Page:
Which Cutting Torch Is Best?
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  1. #1
    R. Dry is offline Plastic
    Join Date
    Jul 2009
    KS USA

    Default Which Cutting Torch Is Best?

    Hello Friends.

    Thank you in advance for all of your answers and help.

    I am familiar with Oxy/Acetylene torches, although I do not have my own torch.

    I'm looking to buy a cutting torch that will be used to cut steel, mostly in the 3/8" to 1/2" thickness. I'll also want to use it for heating, bending and shaping steel of the same thickness.

    First question: Is Oxy/Propane something that I should consider getting? Would it be cheaper to go Oxy/Propane, and does Oxy/Propane make cuts as clean as Oxy/Acetylene?

    If so, which cutting tip size would be recommended for Oxy/Propane?

    Will Oxy/Propane torches heat the metal for bending as well as Oxy/Acetylene does?

    If so, which heating tip would be recommended for use in heating and bending?

    What type of torch "complete kits" are available for Oxy/Propane?

    Last question: I have seen a "Campbell Hausfeld" cutting torch kit (WT4000) advertised that I like. Would that be a good torch for medium duty cutting and heating, and does that torch use Victor type parts, or Airco, or what?

    Thanks again for all of your help.

    Kind Regards,

    R. Dry

  2. #2
    Join Date
    Jan 2005
    Salem, Ohio


    I would stick with a Smith http://www.smithequipment.com/ or a Victor http://www.thermadyne.com/victor/ or even a Harris that way you won't have to scrounge parts later on. I use an Oxweld only because i have 50 lbs of extra parts and i got it cheap. I also would stick with ox/ac because of the ease of finding it. But thats just me...Bob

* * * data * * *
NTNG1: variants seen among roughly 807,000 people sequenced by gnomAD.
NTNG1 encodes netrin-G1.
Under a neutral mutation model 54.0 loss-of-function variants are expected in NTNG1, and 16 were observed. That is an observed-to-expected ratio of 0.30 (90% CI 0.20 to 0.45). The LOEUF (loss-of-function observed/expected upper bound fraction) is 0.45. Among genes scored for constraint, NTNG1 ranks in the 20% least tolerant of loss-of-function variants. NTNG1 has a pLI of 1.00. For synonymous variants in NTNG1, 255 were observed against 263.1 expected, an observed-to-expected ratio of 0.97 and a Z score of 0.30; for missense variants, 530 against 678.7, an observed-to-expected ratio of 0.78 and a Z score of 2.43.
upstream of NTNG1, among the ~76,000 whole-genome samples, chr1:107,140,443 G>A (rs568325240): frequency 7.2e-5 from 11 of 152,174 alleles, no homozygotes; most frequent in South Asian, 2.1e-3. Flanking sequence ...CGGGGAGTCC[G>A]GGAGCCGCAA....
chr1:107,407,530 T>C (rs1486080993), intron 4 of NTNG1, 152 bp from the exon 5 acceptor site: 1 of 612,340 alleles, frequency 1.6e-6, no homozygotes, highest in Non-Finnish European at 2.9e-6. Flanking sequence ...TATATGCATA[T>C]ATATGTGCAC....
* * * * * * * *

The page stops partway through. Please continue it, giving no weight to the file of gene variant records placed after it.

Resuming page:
Bob Wright Metal Master Fab
    Salem, Ohio Birthplace of the Silver and Deming Drill, all others are copies.

  3. #3
    digger doug is offline Diamond
    Join Date
    Oct 2005


    Well here goes:

    I don't think there is a perfect torch, what is good for you
    may not work for me.

    acetylene/propane, i'll let someone else fight that out.

    Here's what works for my and why:
    1. propane, I don't have a need to gas weld.
    and propane is easy to get (20 lb bbq bottle)
    2. I don't like my cutting attachment, so I went with a dedicated
    cutting torch only.
    3. I have used (with respect to the cutting lever)
    1. top mounted front hinge
    2. top mounted rear hinge
    3. bottom mounted rear hinge.
    4. bottom mounted front hinge.
    I have the (#4), corcob handle now made by concoa
    (previously airco) lever bottom mounted front.

    I tell people to take a prospective torch, unlit, and try
    to follow a chalked line, all the while actuating the oxygen
    lever on and off. What you want ( I feel) is one that fits
    your hand, and doesn't vary off that line as you depress
    the lever. With my fingers curled around my torch, the index
    finger actuates the lever, and the grip doesn't change.

  4. #4
    metalmagpie is offline Stainless
    Join Date
    May 2006


    It is just my opinion, but buying a torch set branded Campbell Hausfeld is asking for grief. I was a shipfitter all through the '70s and after I stopped building ships I got an oxyacetylene setup at home. I was amazed that I couldn't cut steel very well, after using a torch all day every day for 13 years. Eventually someone gave me some good regulators and I realized the problem had been my regulators. Moral of that story is get as good of regulators as you can afford, or suffer forever.